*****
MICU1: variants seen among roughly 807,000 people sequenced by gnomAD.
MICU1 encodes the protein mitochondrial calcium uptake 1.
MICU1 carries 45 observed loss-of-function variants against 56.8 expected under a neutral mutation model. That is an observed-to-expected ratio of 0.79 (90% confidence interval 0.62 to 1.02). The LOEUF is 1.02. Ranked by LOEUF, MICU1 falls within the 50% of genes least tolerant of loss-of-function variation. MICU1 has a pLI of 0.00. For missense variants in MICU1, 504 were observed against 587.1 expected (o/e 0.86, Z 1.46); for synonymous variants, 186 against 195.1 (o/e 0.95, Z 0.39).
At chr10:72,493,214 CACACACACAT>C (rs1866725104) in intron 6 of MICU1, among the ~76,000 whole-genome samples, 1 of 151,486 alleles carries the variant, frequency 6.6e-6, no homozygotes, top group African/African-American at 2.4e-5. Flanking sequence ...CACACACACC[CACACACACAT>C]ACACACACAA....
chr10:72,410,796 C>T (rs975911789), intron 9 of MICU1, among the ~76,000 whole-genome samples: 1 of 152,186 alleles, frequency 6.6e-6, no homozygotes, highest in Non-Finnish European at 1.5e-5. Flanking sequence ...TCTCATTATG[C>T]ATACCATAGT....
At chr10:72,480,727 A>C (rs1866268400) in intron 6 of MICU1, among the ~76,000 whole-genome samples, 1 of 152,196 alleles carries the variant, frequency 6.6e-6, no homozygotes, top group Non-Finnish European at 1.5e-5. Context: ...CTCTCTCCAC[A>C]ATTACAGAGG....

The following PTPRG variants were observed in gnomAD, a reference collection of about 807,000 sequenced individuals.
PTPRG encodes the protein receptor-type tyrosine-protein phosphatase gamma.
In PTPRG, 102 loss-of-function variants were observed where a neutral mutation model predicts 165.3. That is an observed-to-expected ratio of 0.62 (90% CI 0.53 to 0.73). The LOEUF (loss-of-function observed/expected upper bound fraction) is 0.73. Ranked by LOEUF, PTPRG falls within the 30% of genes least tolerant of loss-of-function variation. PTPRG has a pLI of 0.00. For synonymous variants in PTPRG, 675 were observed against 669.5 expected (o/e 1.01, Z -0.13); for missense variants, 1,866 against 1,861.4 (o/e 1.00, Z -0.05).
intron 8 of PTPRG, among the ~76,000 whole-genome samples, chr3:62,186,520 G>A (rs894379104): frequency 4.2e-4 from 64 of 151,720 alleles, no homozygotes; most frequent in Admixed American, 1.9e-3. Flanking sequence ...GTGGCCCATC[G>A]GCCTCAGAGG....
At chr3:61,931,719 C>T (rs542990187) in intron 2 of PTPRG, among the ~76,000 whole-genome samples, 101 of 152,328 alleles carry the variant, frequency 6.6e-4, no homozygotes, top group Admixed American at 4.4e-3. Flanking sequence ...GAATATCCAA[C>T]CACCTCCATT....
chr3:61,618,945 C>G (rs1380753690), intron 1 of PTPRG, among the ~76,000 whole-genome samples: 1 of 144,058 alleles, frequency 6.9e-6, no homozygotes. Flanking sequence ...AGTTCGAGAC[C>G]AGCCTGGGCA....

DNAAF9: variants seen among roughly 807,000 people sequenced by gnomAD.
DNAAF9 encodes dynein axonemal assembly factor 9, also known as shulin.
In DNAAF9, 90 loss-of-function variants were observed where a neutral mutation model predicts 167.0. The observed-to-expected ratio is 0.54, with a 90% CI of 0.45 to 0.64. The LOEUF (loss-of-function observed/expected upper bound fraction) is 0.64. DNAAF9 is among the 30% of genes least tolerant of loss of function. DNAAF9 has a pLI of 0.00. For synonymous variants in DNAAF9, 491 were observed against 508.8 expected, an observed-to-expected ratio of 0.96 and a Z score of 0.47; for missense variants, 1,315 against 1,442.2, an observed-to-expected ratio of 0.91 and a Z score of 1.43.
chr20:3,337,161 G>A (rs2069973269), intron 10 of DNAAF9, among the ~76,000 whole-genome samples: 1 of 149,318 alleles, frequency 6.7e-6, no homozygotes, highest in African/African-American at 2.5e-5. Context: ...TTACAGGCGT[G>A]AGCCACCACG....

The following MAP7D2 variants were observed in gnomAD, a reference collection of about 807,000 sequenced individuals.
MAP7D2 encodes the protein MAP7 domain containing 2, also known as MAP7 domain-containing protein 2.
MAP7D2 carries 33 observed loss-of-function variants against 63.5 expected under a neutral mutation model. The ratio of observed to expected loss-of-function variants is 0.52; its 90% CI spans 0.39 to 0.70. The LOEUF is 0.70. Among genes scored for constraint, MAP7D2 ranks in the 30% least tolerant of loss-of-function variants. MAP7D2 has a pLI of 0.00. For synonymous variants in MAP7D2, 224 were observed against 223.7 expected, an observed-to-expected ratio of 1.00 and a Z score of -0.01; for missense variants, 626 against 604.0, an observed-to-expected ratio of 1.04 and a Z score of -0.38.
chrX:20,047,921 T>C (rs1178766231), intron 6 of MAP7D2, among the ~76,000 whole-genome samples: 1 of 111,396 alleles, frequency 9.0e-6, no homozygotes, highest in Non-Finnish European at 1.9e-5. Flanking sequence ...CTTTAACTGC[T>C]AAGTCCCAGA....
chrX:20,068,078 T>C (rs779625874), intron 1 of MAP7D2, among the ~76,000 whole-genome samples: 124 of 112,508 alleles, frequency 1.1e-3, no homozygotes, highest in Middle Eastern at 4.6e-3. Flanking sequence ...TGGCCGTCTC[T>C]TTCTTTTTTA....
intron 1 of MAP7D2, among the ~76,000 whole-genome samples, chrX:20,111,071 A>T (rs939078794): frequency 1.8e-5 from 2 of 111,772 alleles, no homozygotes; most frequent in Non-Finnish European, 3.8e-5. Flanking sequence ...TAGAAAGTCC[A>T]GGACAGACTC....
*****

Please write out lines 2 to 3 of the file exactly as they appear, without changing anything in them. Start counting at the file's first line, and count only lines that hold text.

MICU1 encodes the protein mitochondrial calcium uptake 1.
MICU1 carries 45 observed loss-of-function variants against 56.8 expected under a neutral mutation model. That is an observed-to-expected ratio of 0.79 (90% confidence interval 0.62 to 1.02). The LOEUF is 1.02. Ranked by LOEUF, MICU1 falls within the 50% of genes least tolerant of loss-of-function variation. MICU1 has a pLI of 0.00. For missense variants in MICU1, 504 were observed against 587.1 expected (o/e 0.86, Z 1.46); for synonymous variants, 186 against 195.1 (o/e 0.95, Z 0.39).